Collaboration between the Bodega Bay Marine Laboratory and six departments within the Colleges of Letters and Science, Biological Sciences and Agricultural and Environmental Sciences has resulted in the creation of a new marine and coastal sciences major at UC Davis.
“This is the first time in UC Davis history that three colleges have come together in the creation of a major,” said Tessa Hill, an associate professor of geology and lead advisor of the marine and coastal sciences major.
Because the major involves three colleges, it took approximately a year before it could be approved. Each individual college reviewed the major’s requirements against its own criteria and then sent it to the Academic Senate for approval. Now after a year of evaluation, the marine and coastal sciences major is officially available for sign-up.
Development of the program was initiated by increasing student interest in the marine sciences.
“The current marine science courses are pretty popular,” Hill said. “But up until now, we couldn’t offer students a degree that focused specifically in this field.”
For this reason, the new Coastal and Marine Sciences Institute, which opened its doors on Aug. 1, was created to develop an undergraduate degree program that showcased UC Davis’ strength in the marine sciences.
Another of the Institute’s goals was to coordinate and develop a research program for students to gain hands-on experience of coastal and marine sciences at the Bodega Bay Marine Laboratory. The Bodega Marine Lab sits on California’s north coast and is a leading multidisciplinary facility that researches solutions to environmental problems in coastal ecosystems.
Students interested in the major but concerned about the requirements to switch should know that the core science courses required for the major are the same across most science majors.
“Since the major involves rigorous prerequisite preparation in mathematics, physics and chemistry during the first two years, almost any student with a science major can switch to the marine and coastal sciences major within their first two to three years at Davis,” Hill said.
After the first two years, students in the major will have the opportunity to choose a focus from one of four areas: coastal environmental processes, marine ecology and organismal biology, marine environmental chemistry and oceans and the earth system. The area of emphasis chosen by the student determines from which college they will graduate.
Students will also have a chance to participate in field research at the Bodega Marine Laboratory.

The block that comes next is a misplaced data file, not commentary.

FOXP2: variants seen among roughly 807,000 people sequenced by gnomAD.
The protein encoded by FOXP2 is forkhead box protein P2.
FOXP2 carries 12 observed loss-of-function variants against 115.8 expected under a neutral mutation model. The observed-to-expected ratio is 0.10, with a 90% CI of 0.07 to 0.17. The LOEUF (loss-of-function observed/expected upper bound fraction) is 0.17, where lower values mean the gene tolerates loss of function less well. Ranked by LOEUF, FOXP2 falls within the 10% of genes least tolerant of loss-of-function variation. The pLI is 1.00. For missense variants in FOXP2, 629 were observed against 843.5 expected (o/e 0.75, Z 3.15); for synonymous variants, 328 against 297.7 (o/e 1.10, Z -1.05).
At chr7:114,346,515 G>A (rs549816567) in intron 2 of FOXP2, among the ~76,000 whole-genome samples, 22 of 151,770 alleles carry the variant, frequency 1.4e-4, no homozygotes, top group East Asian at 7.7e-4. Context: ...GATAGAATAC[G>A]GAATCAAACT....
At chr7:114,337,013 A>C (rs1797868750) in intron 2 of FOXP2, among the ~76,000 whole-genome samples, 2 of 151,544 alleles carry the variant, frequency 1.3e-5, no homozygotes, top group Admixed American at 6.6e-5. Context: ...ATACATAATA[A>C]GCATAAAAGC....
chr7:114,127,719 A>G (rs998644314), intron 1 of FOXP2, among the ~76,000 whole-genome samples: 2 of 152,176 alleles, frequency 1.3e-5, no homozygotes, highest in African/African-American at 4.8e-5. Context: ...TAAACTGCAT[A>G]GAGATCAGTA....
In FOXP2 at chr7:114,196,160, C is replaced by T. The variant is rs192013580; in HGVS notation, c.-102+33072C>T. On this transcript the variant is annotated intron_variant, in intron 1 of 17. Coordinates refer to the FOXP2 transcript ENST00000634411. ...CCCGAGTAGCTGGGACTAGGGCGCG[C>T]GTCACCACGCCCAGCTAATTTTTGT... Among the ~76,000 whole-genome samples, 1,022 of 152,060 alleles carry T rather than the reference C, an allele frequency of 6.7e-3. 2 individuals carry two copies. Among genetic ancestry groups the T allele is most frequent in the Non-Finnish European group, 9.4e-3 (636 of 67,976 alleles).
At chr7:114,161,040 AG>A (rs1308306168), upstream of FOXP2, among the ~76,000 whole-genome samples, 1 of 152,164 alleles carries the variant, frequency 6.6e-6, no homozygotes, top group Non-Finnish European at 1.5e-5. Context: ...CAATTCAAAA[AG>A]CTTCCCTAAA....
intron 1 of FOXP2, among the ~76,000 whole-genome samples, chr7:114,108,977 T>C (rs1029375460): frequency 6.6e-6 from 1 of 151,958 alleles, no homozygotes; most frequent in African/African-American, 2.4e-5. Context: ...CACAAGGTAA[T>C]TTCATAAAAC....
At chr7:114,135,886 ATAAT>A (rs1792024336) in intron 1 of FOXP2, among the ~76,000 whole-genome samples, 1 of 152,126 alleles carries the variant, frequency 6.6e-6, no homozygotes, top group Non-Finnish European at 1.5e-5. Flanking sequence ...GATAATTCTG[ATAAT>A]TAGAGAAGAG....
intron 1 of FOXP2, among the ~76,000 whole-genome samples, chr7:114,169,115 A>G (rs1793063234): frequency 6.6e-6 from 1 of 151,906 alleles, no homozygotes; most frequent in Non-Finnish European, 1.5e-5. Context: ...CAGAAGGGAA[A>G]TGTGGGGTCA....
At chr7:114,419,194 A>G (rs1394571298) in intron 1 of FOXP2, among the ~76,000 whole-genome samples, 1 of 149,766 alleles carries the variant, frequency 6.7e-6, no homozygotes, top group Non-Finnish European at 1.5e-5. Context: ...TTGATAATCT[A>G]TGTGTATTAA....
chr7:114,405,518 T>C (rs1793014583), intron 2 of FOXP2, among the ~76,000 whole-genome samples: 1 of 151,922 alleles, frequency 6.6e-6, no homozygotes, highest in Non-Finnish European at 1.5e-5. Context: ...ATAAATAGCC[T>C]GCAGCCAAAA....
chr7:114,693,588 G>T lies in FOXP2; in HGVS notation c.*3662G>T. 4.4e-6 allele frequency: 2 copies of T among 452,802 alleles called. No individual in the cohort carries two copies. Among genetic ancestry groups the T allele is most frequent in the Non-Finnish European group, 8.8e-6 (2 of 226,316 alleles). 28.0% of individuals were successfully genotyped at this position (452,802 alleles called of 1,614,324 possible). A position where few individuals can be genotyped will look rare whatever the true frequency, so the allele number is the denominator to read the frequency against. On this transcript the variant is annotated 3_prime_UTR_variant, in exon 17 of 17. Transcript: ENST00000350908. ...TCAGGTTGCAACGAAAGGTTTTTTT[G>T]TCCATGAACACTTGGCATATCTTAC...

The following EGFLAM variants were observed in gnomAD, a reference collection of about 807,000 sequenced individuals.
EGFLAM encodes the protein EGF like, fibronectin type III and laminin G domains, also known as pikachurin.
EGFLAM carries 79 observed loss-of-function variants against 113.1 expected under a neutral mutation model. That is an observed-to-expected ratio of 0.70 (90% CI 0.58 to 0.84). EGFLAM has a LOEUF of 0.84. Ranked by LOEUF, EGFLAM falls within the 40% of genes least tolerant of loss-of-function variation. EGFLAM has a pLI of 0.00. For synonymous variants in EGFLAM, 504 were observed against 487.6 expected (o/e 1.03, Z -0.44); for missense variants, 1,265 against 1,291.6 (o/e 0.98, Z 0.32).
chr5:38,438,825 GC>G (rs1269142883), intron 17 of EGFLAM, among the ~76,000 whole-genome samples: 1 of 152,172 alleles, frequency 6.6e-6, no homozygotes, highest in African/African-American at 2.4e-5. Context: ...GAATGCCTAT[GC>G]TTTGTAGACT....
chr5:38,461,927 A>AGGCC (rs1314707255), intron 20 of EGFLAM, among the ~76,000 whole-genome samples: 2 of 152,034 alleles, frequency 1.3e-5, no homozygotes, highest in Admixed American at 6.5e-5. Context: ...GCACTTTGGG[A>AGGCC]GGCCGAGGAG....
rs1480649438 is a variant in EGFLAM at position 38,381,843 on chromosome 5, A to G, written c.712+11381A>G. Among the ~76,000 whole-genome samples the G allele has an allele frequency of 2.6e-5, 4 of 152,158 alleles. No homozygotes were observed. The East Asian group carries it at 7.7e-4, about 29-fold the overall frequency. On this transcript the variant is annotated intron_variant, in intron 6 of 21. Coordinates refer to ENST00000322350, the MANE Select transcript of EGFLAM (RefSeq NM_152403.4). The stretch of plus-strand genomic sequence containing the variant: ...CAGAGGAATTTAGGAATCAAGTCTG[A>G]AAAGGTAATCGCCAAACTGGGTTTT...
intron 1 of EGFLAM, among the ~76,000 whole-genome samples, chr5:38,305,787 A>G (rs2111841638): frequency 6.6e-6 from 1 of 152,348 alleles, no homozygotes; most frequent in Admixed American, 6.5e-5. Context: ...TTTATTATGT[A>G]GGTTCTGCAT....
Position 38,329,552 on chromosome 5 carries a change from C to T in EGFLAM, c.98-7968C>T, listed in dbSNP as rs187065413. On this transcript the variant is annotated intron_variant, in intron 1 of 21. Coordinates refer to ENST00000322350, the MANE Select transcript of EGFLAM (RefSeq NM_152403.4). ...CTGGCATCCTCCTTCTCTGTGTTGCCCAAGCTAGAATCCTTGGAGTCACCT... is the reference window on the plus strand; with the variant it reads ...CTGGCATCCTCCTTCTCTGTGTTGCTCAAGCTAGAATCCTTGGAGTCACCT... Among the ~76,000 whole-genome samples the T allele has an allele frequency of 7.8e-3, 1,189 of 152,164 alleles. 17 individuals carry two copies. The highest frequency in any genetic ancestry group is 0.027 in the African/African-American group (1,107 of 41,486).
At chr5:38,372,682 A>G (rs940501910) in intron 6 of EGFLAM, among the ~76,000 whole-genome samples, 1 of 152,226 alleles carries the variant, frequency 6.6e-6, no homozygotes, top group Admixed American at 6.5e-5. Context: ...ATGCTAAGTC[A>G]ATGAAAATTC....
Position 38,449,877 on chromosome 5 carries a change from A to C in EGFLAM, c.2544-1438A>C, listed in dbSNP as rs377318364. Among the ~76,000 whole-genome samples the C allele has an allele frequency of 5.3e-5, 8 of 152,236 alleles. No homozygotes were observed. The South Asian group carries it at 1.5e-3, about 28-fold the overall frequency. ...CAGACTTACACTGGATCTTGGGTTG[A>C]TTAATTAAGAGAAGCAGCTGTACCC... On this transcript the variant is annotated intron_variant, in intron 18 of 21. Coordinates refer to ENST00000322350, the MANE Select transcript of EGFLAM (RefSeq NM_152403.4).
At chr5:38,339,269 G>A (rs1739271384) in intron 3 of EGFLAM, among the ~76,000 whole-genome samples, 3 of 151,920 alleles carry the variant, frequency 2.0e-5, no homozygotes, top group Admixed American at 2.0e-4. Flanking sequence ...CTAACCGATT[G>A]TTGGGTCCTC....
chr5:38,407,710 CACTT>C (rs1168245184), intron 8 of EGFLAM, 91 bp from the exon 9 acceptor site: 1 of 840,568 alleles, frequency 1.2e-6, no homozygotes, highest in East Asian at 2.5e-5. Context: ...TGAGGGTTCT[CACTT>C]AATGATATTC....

“The idea is for students to go live out at the Bodega Marine Lab and to take one quarter of courses out there,” Hill said.
Another one of the Coastal and Marine Sciences Institute’s main goals is to create closer telecommunications and research connections between the Bodega Bay Lab and the UC Davis campus.
“This is in order to establish new research collaborations that normally wouldn’t have happened,” said Rick Grosberg, professor of evolution and ecology and the Coastal and Marine Sciences Institute’s founding director.
Already in progress is another one of the Institute’s plans: the creation of a headquarter for marine scientists, from both campus and Bodega Bay, to work and meet with students and peers. The 1,200 square-foot space currently in development at Storer Hall will include a library and a localized area for future seminars, workshops and conferences.
Students interested in the major will find that it can prepare them for research positions in government laboratories or in private laborites, K-12 teaching, policy positions and consulting positions. Students can also choose to pursue graduate degrees.
So far, student reaction to the creation of the major has been positive.
“I think this is a great idea,” said fourth-year environmental sciences and management major Alyssa Obester. “I really like that it isn’t focused on one aspect of marine science. It will also create awareness of the Bodega Marine Lab, which I don’t think a lot of people know about.”
Fourth-year wildlife, fish and conservation biology major Sonia Harris, agreed.
“I’m glad that this major is here for incoming students, though I am a little upset that it wasn’t an existing major when I started here, since I really wanted to come to Davis with a marine science major,” Harris said.
For those looking to add or switch to this major, marine and coastal sciences advising is located in the Department of Earth and Planetary Sciences on campus.